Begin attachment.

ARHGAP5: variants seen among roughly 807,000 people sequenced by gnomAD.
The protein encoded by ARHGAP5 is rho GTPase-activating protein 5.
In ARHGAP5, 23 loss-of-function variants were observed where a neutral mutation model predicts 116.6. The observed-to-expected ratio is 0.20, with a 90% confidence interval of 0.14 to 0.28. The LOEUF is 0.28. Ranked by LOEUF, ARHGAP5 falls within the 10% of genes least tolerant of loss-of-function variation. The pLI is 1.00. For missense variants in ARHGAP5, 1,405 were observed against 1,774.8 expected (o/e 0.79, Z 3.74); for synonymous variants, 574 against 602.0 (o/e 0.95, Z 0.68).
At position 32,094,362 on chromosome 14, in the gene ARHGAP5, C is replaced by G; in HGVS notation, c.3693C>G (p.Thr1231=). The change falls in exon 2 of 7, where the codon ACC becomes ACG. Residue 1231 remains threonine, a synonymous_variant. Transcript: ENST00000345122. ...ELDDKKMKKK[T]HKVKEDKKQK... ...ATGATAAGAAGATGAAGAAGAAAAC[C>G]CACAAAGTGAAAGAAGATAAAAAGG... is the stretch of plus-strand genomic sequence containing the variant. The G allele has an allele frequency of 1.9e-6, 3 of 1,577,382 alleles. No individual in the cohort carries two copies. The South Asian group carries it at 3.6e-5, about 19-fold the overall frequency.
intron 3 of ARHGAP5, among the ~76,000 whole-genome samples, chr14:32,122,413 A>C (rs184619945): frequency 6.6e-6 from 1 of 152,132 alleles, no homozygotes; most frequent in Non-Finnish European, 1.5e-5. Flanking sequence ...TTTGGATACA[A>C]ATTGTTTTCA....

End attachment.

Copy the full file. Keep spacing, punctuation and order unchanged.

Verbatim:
ARHGAP5: variants seen among roughly 807,000 people sequenced by gnomAD.
The protein encoded by ARHGAP5 is rho GTPase-activating protein 5.
In ARHGAP5, 23 loss-of-function variants were observed where a neutral mutation model predicts 116.6. The observed-to-expected ratio is 0.20, with a 90% confidence interval of 0.14 to 0.28. The LOEUF is 0.28. Ranked by LOEUF, ARHGAP5 falls within the 10% of genes least tolerant of loss-of-function variation. The pLI is 1.00. For missense variants in ARHGAP5, 1,405 were observed against 1,774.8 expected (o/e 0.79, Z 3.74); for synonymous variants, 574 against 602.0 (o/e 0.95, Z 0.68).
At position 32,094,362 on chromosome 14, in the gene ARHGAP5, C is replaced by G; in HGVS notation, c.3693C>G (p.Thr1231=). The change falls in exon 2 of 7, where the codon ACC becomes ACG. Residue 1231 remains threonine, a synonymous_variant. Transcript: ENST00000345122. ...ELDDKKMKKK[T]HKVKEDKKQK... ...ATGATAAGAAGATGAAGAAGAAAAC[C>G]CACAAAGTGAAAGAAGATAAAAAGG... is the stretch of plus-strand genomic sequence containing the variant. The G allele has an allele frequency of 1.9e-6, 3 of 1,577,382 alleles. No individual in the cohort carries two copies. The South Asian group carries it at 3.6e-5, about 19-fold the overall frequency.
intron 3 of ARHGAP5, among the ~76,000 whole-genome samples, chr14:32,122,413 A>C (rs184619945): frequency 6.6e-6 from 1 of 152,132 alleles, no homozygotes; most frequent in Non-Finnish European, 1.5e-5. Flanking sequence ...TTTGGATACA[A>C]ATTGTTTTCA....